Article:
Longform

Saint Aaron

Page 6 of 9

"The water came inside our house," Ritchy recalls in Creole. "It came in, and people were killed. Houses floated away." Ritchy says his house was spared. His father, a watch repairman, kept the family safe until American soldiers arrived to save them. "They are still alive," he says of his parents. He tells the story with a bright, toothy smile. It's a grin that gives away nothing of his refusal to believe what really happened to his family.

Speaking in English, Dieubon says their father was the first to drown in the flood. Then their mother washed away. A grandfather took in the boys but couldn't afford to feed them. Dieubon heard their story and took them to the orphanage in December. "They watched their whole family die," he says.


Clarence and Ritchy are rarely out of arm's length of each other since they watched their parents wash away. They share a bunk bed and crowd together on the wooden bench when they report for morning lessons. So when Clarence heard that Ritchy was leaving in the morning, he burst into tears that streamed down his cheeks. Accede picked him up and cradled the 6-year-old in her arms like a toddler, but nothing could make him stop. Ritchy, meanwhile, changed into a striped polo shirt and a pair of dress pants that were two inches too short. He piled into a Toyota van Dieubon had borrowed, and for the rest of the day, Ritchy would see what life would be like if Jackson hadn't taken him in.

Out the rutted road from the orphanage, Dieubon headed southwest into the places foreigners aren't supposed to go. He angled the van through a roundabout and onto a potholed, two-lane boulevard nicknamed Airport Road. This strip is where thugs often pull motorists from their cars and torture them until their families can come up with tens of thousands of dollars in ransom. Abandoned airplanes rot in a field off to the left. Stripped cars lay forgotten on dirt paths that serve as sidewalks. Few people are walking, which is rare in a city with little public transportation, a clear sign of the dangers that lurk down this road. Even though 8,500 peacekeepers from the United Nations patrol Haiti, they are rarely seen in the dangerous parts.

Jackson is perhaps one of the only foreigners for miles. He's a clear target riding in the front seat. "Yes," Dieubon admits, "it is not so OK here."

But Dieubon says they have little choice. They must travel this road or feel personally responsible for the suffering of the children at the end of it, who could starve or die of malnutrition without his regular visits. They're headed to one of Port-au-Prince's poorest orphanages, the Centre El-Bethel House of Children. It's common to find the orphanage with no food. The road dumps onto a truss bridge covered in mud that spans the swollen Riviére Grise, or Gray River. Then the road thins as it enters another of Port-au-Prince's ramshackle and unnamed neighborhoods. Vendors lined everywhere on the road hawk lottery tickets and buckets of charcoal made from the trees stripped off the hillsides.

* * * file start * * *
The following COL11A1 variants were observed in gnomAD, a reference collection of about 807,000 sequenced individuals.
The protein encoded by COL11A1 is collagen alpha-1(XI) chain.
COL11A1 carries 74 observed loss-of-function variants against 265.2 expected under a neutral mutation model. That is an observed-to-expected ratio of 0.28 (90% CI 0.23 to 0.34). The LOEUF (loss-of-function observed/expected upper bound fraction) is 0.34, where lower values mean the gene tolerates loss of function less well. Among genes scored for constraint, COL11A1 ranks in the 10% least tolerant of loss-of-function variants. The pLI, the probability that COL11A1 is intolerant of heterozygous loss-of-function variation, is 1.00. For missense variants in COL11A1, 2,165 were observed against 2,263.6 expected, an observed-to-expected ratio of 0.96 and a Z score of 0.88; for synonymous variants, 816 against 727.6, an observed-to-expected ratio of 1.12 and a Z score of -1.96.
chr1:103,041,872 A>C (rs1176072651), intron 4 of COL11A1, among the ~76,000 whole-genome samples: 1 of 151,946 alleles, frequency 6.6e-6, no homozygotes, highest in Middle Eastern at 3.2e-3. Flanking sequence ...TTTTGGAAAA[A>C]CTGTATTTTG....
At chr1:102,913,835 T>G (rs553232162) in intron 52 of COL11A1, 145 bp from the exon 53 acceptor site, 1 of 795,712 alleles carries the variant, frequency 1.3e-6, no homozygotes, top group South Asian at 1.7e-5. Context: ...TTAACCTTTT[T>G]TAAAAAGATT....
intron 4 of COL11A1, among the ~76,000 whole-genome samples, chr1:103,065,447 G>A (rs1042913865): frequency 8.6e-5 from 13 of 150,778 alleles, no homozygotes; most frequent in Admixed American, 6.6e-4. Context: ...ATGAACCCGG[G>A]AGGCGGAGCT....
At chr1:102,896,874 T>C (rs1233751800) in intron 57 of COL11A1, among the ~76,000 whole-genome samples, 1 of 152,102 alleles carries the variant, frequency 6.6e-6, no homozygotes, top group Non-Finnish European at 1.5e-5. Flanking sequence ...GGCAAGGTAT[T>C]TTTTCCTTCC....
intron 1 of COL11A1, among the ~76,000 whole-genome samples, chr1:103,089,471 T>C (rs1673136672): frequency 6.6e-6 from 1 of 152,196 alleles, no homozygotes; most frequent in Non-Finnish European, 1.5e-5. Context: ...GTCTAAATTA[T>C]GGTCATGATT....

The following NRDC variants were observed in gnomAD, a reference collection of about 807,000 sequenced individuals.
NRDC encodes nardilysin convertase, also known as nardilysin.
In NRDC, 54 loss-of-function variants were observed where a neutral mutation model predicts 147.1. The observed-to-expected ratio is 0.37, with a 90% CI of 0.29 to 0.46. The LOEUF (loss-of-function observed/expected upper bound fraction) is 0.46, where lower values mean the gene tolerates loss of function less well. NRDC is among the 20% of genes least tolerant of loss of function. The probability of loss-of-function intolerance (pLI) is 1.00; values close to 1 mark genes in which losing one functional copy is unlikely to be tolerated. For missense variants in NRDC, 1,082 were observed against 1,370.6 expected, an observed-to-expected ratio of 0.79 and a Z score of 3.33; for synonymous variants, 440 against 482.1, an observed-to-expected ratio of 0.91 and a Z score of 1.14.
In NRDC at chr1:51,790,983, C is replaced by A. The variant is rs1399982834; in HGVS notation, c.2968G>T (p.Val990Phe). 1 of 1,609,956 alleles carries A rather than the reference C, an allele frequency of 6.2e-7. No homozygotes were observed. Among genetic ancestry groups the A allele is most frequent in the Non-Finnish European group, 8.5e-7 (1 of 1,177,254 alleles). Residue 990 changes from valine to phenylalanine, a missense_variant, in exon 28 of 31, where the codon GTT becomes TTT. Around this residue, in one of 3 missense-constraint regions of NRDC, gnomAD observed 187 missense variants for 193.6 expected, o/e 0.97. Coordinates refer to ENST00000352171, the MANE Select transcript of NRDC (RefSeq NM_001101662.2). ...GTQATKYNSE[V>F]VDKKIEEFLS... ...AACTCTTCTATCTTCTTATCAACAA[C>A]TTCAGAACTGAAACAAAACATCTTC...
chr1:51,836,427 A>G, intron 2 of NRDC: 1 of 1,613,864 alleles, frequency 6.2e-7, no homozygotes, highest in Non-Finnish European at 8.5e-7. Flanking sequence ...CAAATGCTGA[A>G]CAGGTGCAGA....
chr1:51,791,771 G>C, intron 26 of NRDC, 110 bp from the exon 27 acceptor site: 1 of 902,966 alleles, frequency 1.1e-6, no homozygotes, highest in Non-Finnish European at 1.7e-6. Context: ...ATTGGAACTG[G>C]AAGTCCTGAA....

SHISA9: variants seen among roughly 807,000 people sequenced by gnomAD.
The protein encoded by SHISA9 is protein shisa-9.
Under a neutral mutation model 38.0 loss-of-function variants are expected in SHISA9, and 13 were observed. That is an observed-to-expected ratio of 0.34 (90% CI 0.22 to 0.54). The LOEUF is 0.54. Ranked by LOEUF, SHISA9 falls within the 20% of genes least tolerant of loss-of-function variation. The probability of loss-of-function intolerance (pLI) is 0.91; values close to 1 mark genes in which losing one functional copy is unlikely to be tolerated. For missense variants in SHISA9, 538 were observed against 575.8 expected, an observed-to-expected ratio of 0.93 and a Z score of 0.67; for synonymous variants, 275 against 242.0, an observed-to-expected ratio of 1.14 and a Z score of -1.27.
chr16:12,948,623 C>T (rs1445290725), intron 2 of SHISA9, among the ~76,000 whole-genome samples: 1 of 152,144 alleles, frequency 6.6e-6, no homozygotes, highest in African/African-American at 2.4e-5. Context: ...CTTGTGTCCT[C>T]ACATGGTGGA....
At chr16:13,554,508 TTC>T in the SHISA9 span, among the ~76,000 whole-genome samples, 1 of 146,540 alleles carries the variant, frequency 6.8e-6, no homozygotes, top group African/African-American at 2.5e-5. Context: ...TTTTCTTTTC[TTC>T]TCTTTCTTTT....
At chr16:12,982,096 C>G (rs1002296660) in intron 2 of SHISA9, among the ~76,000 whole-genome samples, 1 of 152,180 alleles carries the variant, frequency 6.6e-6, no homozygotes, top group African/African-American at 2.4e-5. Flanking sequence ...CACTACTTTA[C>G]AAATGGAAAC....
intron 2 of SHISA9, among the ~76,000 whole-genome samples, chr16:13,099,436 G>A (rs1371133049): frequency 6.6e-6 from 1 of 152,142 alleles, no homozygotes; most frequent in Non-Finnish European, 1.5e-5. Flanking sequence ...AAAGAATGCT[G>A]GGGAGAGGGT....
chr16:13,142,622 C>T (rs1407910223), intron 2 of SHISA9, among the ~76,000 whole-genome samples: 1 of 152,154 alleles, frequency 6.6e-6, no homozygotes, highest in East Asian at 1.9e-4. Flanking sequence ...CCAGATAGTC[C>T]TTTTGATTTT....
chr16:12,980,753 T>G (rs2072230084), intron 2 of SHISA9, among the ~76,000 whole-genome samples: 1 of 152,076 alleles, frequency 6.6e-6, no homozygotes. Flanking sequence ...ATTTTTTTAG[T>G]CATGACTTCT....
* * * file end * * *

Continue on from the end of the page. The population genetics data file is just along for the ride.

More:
Along the way, Jackson tells of his first foray trying to help people. It started when he got a calling when he was 17. It wasn't something as profound as a sign from God, just an overpowering notion to go to the bus station in Destin. "I just went," he recalls. "And I just bought a ticket to anywhere." Anywhere ended up being San Antonio, Texas. There, he found a homeless man who had been shot in the leg. He invited the man to stay the night with him. "After we got there, I thought, 'Who is this guy I just invited back to my hotel room?'" He could've killed me in the middle of the night." The next morning, Jackson bought him medicine, clothes, and food and gave him whatever money he had in his pocket. Afterward, Jackson says, he realized how foolish his idea was. He wanted to continue helping people, but he needed to figure out a better and safer way to do it. "I didn't know what it was going to be," he says, "but I knew after that that I wanted to help people."

Dieubon turns down a dirt road, and a mile into a neighborhood built from tin and cinderblock scraps, he blares his horn at a gate propped up with a tree branch. The gate swings open, and Dieubon takes the van into a courtyard criss-crossed with full clotheslines, despite the downpour all morning. Under a lean-to built from discarded metal and rotting wood, a group of girls washes clothes in a bucket. The younger kids play on the dirt floor nearby. Unlike the children at Jackson's orphanage, these look troubled. Their faces look full of an adult-like worry, perhaps the concern that comes with wondering how they'll find their next meal. Ritchy looks out of place next to the other orphans. Few of them have shoes, and their hair is uncombed and spiraling in knots. Looking a bit afraid to be left behind, Ritchy clings to Jackson's pants leg.

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Eric Alan Barton
Contact: Eric Alan Barton